Stories, Observations and Wonderings
We’ve only been in our house–a big, old Victorian–a couple years. I like it, but recently I was getting the itch to move. A bigger yard, more distance from neighbors, less maintenance, and lake front property. These are the desires that ran round in my head, as I scoured the Internet for places I hoped my wife, SB, would at least consider.
SB’s not a mover. She’s content staying in the same place. She figured each of the past three houses we purchased was our forever home. I thought that too, but only in the fast-fleeting, romantic sense which gets you excited enough to plunk down a deposit and sign on for another thirty years. I’m restless, never satisfied, and have had bit of an addiction to real estate websites.
Our first house, a bungalow in Garden City, MI, was nice. We put a lot of love into that place. Refinished the hardwood floors, remodeled the kitchen and bathroom and even converted part of the garage into an art studio. We did the work ourselves. Spent long hours working full-time jobs, raising kids, following our creative endeavors, and working on the house. After year three of our five-year plan, a longing for life Up North took root and pulled us back home to Alpena.
Our second house was unique. Shotgun hallway, mini-library, pocket doors, beautiful fireplace, and fenced yard. Great for the kids, the dog, and cookouts. Not far from downtown and three blocks from Lake Huron, it was just what we needed. Until year four of our second five-year plan. That’s when I started spending a little too much time on the Internet. Real estate websites in the morning, at lunch, and just before bed. I knew the floor plans, square footage, and lot sizes of every property listed in Alpena. It wasn’t long before our cozy home on South Second Avenue wasn’t good enough. One bathroom? The small bedrooms? A measly 1600 square feet? It wasn’t enough. Especially when the mint green Victorian two blocks away popped up in my saved search. Its grand wrap-around porch, two staircases, exquisite hardwood floors, ten foot ceilings, beautiful kitchen, and huge master bedroom were mesmerizing.
I wore SB down. Within a year we moved into the mint green Vic. More space to roam, more light through big windows, more charm than we ever imagined. It was a dream come true. But then, the shine wore off. Two years later, all I could see was peeling paint, out-of-plumb doors, uneven floors, leaky pipes, and a leaky roof–work, just work and money and time–and before long, I was on the Internet again, plotting our next move. SB was not happy. It was a pattern, she said. She wanted to settle down, grow with and into a community. She wanted a Home with a capital H. She’d already lived in parts of California and Iowa, as well as stints in Kalamazoo and Detroit. She was ready to commit. Heck, she’d already committed! We’d been married nine years, moved three times, and always, she was waiting for me.
I was undeterred.
I proposed several different places to her. Sometimes, I’d text a link and a picture.
Me: “Look at this backyard! Couldn’t you see yourself drinking a big glass of wine and reading a book while the sun sets?”
SB: “Sure, I’d be drinking all right. To forget having to clean up all the sticks, dog crap, and leaves in that yard. Seriously? Three acres? We’re not farmers.”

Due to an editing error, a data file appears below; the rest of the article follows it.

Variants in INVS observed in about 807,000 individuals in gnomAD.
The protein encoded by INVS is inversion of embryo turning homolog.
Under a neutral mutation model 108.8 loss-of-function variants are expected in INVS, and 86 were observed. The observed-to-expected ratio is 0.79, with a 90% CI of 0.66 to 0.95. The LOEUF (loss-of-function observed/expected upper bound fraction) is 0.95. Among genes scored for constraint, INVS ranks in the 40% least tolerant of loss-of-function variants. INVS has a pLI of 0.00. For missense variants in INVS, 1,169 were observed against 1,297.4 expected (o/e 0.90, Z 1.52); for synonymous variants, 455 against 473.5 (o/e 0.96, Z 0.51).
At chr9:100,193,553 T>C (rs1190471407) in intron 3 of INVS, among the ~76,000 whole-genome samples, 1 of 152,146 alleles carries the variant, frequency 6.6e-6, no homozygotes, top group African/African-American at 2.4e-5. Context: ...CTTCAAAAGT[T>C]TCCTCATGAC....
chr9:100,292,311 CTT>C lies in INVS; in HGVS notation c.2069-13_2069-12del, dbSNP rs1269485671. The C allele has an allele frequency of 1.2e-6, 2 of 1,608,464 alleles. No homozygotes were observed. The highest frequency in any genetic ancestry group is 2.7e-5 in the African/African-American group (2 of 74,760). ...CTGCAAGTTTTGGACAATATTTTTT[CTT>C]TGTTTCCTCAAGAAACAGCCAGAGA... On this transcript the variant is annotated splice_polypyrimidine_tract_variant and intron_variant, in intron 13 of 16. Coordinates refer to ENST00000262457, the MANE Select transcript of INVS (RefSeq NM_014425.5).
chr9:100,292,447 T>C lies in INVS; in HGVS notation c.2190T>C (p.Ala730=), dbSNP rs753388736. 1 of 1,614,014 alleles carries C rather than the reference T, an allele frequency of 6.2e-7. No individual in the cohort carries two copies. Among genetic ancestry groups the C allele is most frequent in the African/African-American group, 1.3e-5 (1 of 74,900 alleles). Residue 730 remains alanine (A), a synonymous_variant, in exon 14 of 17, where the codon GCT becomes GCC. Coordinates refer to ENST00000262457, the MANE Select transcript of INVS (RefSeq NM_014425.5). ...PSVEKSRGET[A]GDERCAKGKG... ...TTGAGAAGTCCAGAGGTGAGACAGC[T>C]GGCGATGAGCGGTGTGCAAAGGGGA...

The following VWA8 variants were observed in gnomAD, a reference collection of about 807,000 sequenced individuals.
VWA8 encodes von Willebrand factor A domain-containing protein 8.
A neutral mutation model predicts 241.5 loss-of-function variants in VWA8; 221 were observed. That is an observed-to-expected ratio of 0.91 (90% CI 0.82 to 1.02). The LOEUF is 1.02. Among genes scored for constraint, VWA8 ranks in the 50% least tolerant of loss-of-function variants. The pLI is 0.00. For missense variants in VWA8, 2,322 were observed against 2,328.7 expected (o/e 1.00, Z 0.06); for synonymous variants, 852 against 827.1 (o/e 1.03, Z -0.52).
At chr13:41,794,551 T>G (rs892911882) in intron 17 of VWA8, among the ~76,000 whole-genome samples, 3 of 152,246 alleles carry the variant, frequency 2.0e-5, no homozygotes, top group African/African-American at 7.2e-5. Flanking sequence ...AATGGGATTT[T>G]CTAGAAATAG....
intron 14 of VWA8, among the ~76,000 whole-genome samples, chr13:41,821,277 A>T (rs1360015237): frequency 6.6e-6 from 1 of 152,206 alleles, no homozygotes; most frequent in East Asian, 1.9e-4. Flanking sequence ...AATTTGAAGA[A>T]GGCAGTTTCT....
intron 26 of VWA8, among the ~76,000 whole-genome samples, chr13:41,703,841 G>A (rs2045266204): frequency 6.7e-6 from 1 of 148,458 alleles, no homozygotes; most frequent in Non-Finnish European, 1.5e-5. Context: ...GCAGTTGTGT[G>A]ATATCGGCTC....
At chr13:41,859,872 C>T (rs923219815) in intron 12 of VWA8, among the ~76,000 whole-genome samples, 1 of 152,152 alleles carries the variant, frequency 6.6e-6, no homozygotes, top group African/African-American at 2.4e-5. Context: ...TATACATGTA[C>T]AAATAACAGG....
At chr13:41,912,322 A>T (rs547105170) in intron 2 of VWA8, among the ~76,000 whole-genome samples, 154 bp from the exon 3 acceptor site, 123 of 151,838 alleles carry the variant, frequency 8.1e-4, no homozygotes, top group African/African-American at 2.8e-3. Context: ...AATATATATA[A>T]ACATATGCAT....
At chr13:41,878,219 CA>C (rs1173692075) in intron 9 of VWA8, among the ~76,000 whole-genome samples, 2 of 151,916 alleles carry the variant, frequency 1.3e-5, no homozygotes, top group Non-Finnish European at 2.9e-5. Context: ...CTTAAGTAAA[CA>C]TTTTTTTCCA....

Other times, I’d email with a long list of pros and no cons.
Me: “New roof, new water heater, new windows, updated kitchen, and 3500 square feet! Imagine the peace and quiet we’d have when the kids could play at opposite ends of the house.”
SB: “Right, sounds good. More room for them to spread out their toys and more space for me to clean. 3500 square feet? What are you thinking? Be ready to hire maid service.”
It wasn’t going well.
Finally, one night on a walk around our neighborhood–one we’ve walked hundreds of times–I cracked.
“I’m tired of walking the same sidewalks. Taking the same rights and lefts. I’m sick of seeing the same houses and people and I don’t feel good about putting thousands of dollars into a big old house that’s just going to need thousands more.”
We stopped across the street from our place and just stood there. Staring.
The kids were in the backyard, bouncing and laughing on the trampoline. The house, though it needed new wooden siding and fascia boards and paint and roof repairs, was beautiful.
“I love our house,” SB said. “Don’t you love it, anymore?”
There was a barely perceptible tremble to her voice. The only other time I’d heard it was when we were in the hospital. She was pregnant. Squeezing my hand as I listened to her explain the expected complications of our daughter’s birth.
I swallowed the lump in my throat, took a deep breath, and put my arm around her.
“I love it just fine,” I said.
It would never stop, the fixing. There would always be something in need of repair, but that’s what happens when you make a commitment. Sooner or later, the shine wears off everything. New houses and cars, trinkets and gadgets, even love. It doesn’t do any good to keep an eye out for the next new thing because all you end up doing is wanting and wanting and never stopping long enough to do the hard work that creates deeper love and fulfillment.
“If we’re going to stay here, let’s finish the basement and put up a privacy fence,” I said. “Six-foot-tall all around the backyard. It’ll be nice for the kids and the dog.”
“How are we going to afford all that?”
“We’ll manage,” I said. “We always do. If I’m going to commit I’m going all in.”
“No more real estate websites?” she asked.
“No more,” I said. “Everything I need is right here.”
K.J. Stevens – husband, daddy, writer – lives in Alpena. His Stories, Observations and Wonderings will appear the third Thursday of each month in The Alpena News. K.J. can be reached at firstname.lastname@example.org.